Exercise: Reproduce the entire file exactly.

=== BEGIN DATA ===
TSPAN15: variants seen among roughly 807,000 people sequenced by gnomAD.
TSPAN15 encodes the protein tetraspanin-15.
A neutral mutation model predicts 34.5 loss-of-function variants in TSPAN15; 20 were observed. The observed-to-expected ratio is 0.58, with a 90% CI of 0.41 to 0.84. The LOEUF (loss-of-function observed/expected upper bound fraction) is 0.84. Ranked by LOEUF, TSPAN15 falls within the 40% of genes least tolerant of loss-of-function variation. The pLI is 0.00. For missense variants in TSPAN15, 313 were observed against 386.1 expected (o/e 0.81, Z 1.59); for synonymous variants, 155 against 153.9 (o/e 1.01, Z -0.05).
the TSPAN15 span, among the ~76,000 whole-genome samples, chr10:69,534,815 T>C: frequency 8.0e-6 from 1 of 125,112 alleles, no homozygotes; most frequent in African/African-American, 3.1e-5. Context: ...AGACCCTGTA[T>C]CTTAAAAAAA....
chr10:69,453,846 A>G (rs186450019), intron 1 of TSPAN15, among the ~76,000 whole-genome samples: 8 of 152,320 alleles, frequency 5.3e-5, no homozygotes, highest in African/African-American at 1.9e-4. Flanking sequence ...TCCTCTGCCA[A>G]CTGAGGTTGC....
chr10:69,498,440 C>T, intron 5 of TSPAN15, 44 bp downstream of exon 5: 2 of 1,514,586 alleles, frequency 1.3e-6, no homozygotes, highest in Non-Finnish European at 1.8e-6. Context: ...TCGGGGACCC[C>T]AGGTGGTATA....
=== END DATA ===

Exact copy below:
TSPAN15: variants seen among roughly 807,000 people sequenced by gnomAD.
TSPAN15 encodes the protein tetraspanin-15.
A neutral mutation model predicts 34.5 loss-of-function variants in TSPAN15; 20 were observed. The observed-to-expected ratio is 0.58, with a 90% CI of 0.41 to 0.84. The LOEUF (loss-of-function observed/expected upper bound fraction) is 0.84. Ranked by LOEUF, TSPAN15 falls within the 40% of genes least tolerant of loss-of-function variation. The pLI is 0.00. For missense variants in TSPAN15, 313 were observed against 386.1 expected (o/e 0.81, Z 1.59); for synonymous variants, 155 against 153.9 (o/e 1.01, Z -0.05).
the TSPAN15 span, among the ~76,000 whole-genome samples, chr10:69,534,815 T>C: frequency 8.0e-6 from 1 of 125,112 alleles, no homozygotes; most frequent in African/African-American, 3.1e-5. Context: ...AGACCCTGTA[T>C]CTTAAAAAAA....
chr10:69,453,846 A>G (rs186450019), intron 1 of TSPAN15, among the ~76,000 whole-genome samples: 8 of 152,320 alleles, frequency 5.3e-5, no homozygotes, highest in African/African-American at 1.9e-4. Flanking sequence ...TCCTCTGCCA[A>G]CTGAGGTTGC....
chr10:69,498,440 C>T, intron 5 of TSPAN15, 44 bp downstream of exon 5: 2 of 1,514,586 alleles, frequency 1.3e-6, no homozygotes, highest in Non-Finnish European at 1.8e-6. Context: ...TCGGGGACCC[C>T]AGGTGGTATA....